- a wine-growing district in Gironde department, in SW France.
- a dry, red or white table wine produced in this region.
- Morris,1910–2001, U.S. painter.
- Robert (Ran·ke) [rahng-kuh] /ˈrɑŋ kə/, 1895–1985, English poet, novelist, and critic.
- an excavation made in the earth in which to bury a dead body.
- any place of interment; a tomb or sepulcher: a watery grave.
- any place that becomes the receptacle of what is dead, lost, or past: the grave of unfulfilled ambitions.
- death: O grave, where is thy victory?
- have one foot in the grave, to be so frail, sick, or old that death appears imminent: It was a shock to see my uncle looking as if he had one foot in the grave.
- make (one) turn/turn overin one's grave, to do something to which a specified dead person would have objected bitterly: This production of Hamlet is enough to make Shakespeare turn in his grave.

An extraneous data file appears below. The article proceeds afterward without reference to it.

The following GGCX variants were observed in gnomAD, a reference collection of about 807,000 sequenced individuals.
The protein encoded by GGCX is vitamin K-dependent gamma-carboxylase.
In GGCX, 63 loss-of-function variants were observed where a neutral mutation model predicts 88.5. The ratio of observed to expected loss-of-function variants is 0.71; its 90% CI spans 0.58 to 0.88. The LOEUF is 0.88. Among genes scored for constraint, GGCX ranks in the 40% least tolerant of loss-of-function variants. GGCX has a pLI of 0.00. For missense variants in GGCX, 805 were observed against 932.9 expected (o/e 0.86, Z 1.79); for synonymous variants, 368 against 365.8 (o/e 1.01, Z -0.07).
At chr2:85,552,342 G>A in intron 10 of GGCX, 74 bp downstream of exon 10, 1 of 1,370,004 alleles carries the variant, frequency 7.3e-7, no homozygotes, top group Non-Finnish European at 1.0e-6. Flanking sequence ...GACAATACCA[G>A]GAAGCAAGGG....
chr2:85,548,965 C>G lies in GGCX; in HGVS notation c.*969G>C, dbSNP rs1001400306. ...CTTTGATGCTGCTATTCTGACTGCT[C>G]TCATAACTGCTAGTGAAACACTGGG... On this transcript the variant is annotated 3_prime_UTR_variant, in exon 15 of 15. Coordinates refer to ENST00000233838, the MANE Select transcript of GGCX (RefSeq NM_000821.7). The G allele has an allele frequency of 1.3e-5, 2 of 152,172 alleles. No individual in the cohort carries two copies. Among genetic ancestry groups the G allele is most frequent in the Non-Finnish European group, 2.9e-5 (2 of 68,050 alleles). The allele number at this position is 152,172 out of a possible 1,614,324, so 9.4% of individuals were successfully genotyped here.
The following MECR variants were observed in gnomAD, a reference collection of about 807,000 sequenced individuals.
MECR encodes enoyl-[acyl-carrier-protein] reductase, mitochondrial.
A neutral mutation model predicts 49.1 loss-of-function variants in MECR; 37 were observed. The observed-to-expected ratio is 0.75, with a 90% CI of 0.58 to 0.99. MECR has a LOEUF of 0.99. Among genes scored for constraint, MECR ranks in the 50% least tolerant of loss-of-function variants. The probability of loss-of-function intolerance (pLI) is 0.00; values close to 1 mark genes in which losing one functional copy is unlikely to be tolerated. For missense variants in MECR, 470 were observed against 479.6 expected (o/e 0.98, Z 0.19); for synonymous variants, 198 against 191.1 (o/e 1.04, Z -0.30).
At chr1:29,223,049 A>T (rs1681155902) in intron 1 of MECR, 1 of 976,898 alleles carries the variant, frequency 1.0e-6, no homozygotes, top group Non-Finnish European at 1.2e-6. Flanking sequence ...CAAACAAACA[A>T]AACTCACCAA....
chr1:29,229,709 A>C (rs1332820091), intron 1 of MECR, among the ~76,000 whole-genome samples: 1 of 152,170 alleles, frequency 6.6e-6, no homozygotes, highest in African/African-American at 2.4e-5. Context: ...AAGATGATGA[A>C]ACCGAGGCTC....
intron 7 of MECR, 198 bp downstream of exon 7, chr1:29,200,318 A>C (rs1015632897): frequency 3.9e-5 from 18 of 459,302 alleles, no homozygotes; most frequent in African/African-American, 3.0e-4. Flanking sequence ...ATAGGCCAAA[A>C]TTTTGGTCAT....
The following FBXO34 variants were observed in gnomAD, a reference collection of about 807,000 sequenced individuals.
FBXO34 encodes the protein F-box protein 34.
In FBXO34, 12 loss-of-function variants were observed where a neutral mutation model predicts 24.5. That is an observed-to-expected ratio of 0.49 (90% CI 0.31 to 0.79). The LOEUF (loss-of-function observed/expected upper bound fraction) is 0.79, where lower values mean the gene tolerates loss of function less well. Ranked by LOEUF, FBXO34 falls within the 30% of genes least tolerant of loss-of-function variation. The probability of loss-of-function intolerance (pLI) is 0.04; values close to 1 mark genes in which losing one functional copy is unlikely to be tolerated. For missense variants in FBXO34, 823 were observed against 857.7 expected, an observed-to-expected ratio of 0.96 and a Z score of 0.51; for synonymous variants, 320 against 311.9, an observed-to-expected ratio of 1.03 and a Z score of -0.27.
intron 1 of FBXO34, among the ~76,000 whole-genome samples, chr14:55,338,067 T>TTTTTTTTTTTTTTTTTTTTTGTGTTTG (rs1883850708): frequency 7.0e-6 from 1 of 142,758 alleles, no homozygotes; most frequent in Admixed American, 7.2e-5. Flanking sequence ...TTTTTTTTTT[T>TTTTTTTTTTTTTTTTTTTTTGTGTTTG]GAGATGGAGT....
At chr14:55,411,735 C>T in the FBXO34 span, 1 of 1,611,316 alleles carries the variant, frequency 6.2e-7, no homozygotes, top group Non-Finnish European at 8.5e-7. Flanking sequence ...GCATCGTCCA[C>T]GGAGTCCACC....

Origin of grave1
- serious or solemn; sober: a grave person; grave thoughts.
- weighty, momentous, or important: grave responsibilities.
- threatening a seriously bad outcome or involving serious issues; critical: a grave situation; a grave illness.
- (of colors) dull; somber.
- the grave accent.
Origin of grave2
SynonymsSee more synonyms for grave on Thesaurus.com
- to carve, sculpt, or engrave.
- to impress deeply: graven on the mind.
Origin of grave3
- to clean and apply a protective composition of tar to (the bottom of a ship).
Origin of grave4
Examples from the Web for graves
They recorded 10,549 graves on or near the railway in 144 cemeteries, failing to locate only 52 graves.Riding Thailand’s WWII Death Railway
December 21, 2014